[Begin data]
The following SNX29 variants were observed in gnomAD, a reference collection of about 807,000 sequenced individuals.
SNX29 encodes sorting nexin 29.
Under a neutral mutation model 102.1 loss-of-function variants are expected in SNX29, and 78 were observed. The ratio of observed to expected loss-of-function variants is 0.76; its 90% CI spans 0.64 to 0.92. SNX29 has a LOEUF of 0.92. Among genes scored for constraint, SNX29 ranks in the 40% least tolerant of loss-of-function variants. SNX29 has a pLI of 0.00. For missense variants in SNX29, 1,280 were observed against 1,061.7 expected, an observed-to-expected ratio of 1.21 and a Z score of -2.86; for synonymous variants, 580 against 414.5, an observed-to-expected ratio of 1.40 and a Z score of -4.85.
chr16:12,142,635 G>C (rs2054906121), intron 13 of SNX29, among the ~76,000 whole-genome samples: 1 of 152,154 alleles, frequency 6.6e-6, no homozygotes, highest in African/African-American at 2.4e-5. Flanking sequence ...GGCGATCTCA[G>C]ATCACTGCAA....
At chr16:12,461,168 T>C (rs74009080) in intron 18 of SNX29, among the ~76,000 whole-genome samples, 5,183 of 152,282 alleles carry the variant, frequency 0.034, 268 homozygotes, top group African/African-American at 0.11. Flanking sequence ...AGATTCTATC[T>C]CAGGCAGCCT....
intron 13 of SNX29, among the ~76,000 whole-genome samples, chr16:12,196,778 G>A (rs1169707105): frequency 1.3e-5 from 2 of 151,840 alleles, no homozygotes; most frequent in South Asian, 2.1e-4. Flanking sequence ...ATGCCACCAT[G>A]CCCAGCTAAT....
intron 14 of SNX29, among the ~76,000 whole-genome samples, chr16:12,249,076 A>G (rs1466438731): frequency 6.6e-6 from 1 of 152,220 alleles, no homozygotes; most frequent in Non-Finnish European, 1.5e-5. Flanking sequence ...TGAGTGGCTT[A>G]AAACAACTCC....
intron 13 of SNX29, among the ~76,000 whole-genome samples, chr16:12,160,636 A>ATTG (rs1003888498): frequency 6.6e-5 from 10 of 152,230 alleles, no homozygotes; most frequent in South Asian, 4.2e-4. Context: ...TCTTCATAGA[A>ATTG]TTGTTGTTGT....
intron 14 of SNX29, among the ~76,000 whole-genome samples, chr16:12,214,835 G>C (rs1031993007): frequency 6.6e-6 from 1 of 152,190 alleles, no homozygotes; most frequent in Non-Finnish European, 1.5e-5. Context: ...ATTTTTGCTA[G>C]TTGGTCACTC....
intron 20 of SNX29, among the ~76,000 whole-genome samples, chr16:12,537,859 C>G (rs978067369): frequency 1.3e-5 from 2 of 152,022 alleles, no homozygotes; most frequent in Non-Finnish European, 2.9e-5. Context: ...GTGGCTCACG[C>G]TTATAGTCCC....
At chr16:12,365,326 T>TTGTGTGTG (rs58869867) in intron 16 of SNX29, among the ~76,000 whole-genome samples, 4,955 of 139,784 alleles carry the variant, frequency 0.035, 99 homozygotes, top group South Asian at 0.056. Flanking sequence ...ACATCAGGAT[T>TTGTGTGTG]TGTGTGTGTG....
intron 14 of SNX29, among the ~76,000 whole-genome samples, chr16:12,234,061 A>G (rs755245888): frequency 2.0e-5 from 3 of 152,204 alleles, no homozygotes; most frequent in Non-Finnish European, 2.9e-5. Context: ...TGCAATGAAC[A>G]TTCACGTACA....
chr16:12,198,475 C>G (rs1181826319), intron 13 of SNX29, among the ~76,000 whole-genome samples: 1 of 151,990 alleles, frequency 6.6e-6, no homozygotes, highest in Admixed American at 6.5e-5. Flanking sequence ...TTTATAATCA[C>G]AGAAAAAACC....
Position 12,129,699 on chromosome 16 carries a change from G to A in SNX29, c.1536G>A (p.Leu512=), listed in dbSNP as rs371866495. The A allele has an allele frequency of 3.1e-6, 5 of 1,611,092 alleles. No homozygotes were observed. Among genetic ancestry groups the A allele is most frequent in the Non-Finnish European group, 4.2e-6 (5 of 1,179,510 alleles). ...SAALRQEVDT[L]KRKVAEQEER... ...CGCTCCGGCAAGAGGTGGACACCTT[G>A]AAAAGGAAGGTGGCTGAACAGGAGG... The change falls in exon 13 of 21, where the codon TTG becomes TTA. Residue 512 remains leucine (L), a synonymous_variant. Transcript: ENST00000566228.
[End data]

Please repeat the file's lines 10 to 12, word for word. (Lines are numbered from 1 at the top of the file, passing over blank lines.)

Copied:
intron 20 of SNX29, among the ~76,000 whole-genome samples, chr16:12,537,859 C>G (rs978067369): frequency 1.3e-5 from 2 of 152,022 alleles, no homozygotes; most frequent in Non-Finnish European, 2.9e-5. Context: ...GTGGCTCACG[C>G]TTATAGTCCC....
At chr16:12,365,326 T>TTGTGTGTG (rs58869867) in intron 16 of SNX29, among the ~76,000 whole-genome samples, 4,955 of 139,784 alleles carry the variant, frequency 0.035, 99 homozygotes, top group South Asian at 0.056. Flanking sequence ...ACATCAGGAT[T>TTGTGTGTG]TGTGTGTGTG....
intron 14 of SNX29, among the ~76,000 whole-genome samples, chr16:12,234,061 A>G (rs755245888): frequency 2.0e-5 from 3 of 152,204 alleles, no homozygotes; most frequent in Non-Finnish European, 2.9e-5. Context: ...TGCAATGAAC[A>G]TTCACGTACA....